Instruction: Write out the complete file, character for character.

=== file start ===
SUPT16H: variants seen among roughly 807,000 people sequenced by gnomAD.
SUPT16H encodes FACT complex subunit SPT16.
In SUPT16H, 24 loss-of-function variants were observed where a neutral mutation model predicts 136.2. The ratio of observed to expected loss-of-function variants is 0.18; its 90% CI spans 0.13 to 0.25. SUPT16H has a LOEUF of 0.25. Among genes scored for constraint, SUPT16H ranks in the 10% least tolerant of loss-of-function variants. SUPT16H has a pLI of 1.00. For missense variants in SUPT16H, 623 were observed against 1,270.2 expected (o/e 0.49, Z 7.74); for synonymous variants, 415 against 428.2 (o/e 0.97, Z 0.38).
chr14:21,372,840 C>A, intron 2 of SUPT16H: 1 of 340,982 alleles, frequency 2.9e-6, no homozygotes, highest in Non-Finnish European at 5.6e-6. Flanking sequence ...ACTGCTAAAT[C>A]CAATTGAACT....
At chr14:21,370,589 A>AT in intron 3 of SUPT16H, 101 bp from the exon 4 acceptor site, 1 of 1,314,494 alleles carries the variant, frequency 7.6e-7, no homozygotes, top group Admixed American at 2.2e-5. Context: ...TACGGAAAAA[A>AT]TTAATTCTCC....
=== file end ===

SUPT16H: variants seen among roughly 807,000 people sequenced by gnomAD.
SUPT16H encodes FACT complex subunit SPT16.
In SUPT16H, 24 loss-of-function variants were observed where a neutral mutation model predicts 136.2. The ratio of observed to expected loss-of-function variants is 0.18; its 90% CI spans 0.13 to 0.25. SUPT16H has a LOEUF of 0.25. Among genes scored for constraint, SUPT16H ranks in the 10% least tolerant of loss-of-function variants. SUPT16H has a pLI of 1.00. For missense variants in SUPT16H, 623 were observed against 1,270.2 expected (o/e 0.49, Z 7.74); for synonymous variants, 415 against 428.2 (o/e 0.97, Z 0.38).
chr14:21,372,840 C>A, intron 2 of SUPT16H: 1 of 340,982 alleles, frequency 2.9e-6, no homozygotes, highest in Non-Finnish European at 5.6e-6. Flanking sequence ...ACTGCTAAAT[C>A]CAATTGAACT....
At chr14:21,370,589 A>AT in intron 3 of SUPT16H, 101 bp from the exon 4 acceptor site, 1 of 1,314,494 alleles carries the variant, frequency 7.6e-7, no homozygotes, top group Admixed American at 2.2e-5. Context: ...TACGGAAAAA[A>AT]TTAATTCTCC....